I seem to have some sort of radar that goes off when I meet someone.
If they are a BJJ player or wrestler, the person gives off an unconscious signal to other grapplers.
Okay, that’s made up.
But there are some telltale physical characteristics of a veteran grappler that most of us can spot right away.
The first thing I notice is the eyes.
When you meet someone new, look them in the eye and you can tell by the skin around them whether or not they are a grappler. They look sunken or tired. Whatever you want to call them, they show hours of getting a forehead shoved into them while working position for takedowns. They show every time they were in side control and their partner or opponent opted to shove their shoulder in the eye socket instead of the cheek. They show the meanest cross faces, the wildest elbows and knees during the scrambles. But beyond those bruises and scar tissue, you see in the eyes the happiness of someone that gets to participate in something they truly love.
When working takedowns, we use our heads to jockey for position against our opponents. A receding hairline is a direct result of this. How many guys in their 20’s do we see at a tournament with hairlines back to the middle of their heads? There tend to be quite a few. That is a sign that maybe these guys are registered for one of the more experienced divisions.
When people meet, along with saying hello, there is usually a handshake. I doubt anybody can say they met a grappler who had a weak handshake. So much of what we do is based on grips and hand fighting and position, that when we shake a person’s hand, they’re going to feel it. It’s also easy to forget the amount of strength built up over years on the mat when shaking a new person’s hand. That type of grip strength is rare in today’s world.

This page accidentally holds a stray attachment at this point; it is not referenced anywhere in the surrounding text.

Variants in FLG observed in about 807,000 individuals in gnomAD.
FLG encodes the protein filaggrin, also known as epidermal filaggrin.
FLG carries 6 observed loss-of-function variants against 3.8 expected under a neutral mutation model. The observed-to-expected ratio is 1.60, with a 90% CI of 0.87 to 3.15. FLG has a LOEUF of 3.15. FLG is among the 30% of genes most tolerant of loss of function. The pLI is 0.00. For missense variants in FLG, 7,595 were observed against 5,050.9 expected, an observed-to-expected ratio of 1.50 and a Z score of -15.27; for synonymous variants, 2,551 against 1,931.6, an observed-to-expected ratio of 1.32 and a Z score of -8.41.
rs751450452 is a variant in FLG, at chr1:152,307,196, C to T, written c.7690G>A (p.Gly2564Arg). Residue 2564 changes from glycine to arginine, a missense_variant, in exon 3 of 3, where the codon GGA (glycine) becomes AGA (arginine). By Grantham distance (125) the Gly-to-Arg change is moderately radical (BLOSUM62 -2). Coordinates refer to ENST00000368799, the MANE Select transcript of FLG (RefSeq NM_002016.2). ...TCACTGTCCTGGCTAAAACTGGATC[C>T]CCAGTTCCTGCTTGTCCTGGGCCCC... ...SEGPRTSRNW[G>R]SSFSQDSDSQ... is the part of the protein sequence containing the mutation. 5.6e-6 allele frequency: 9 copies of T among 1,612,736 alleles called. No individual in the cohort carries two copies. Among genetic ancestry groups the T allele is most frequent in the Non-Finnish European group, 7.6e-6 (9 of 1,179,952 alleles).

There’s a very distinct sign that a person is not only a grappler, but a spider guard player. The answer here lies in their hands. If they can’t get their wedding ring on, or it looks like they have marbles instead of knuckles, chances are they are a veteran spider guard player. Years and years of grabbing and pulling have turned these hands into something to be feared. The Miyao brothers are a great example of this. When we look at their hands, their knuckles stick out like a sore thumb (HA!).
Cauliflower ear is something that is the most easily recognizable and probably the most telling of all of these wonderful badges of honor. For centuries, the most accomplished and dedicated grapplers have worn them the way Tom Brady wears Super Bowl rings. It is something to be desired. Society scorns it, deems it disgusting. What it represents, however, is a very desirable trait. It represents dedication and commitment. The fact that something disfiguring like a cauliflower ear does not deter us from grappling speaks volumes about the pros and cons of the sport, and the passion one develops for it.
These are all physical signs of a veteran grappler. Not every grappler has every one of these, nor will he necessarily get all of these. If you happen to see a person with gnarly knuckles and cauliflower ear, chances are the two of you have more in common than you know.
What is the last and final telling sign of a veteran grappler?
Chances are he will have tons of wrinkles around the mouth from smiling and enjoying every second of the BJJ journey and lifestyle. Laughing with teammates after practice, smiling when you see a buddy hit a technique in competition. I’ve said it time and time again; that is why we do this. We begin this journey for a million different reasons, but in the end, more than anything, it helps us to develop as people. These physical attributes speak to the type of people we are.
We are dedicated, loyal, hardworking and never quit.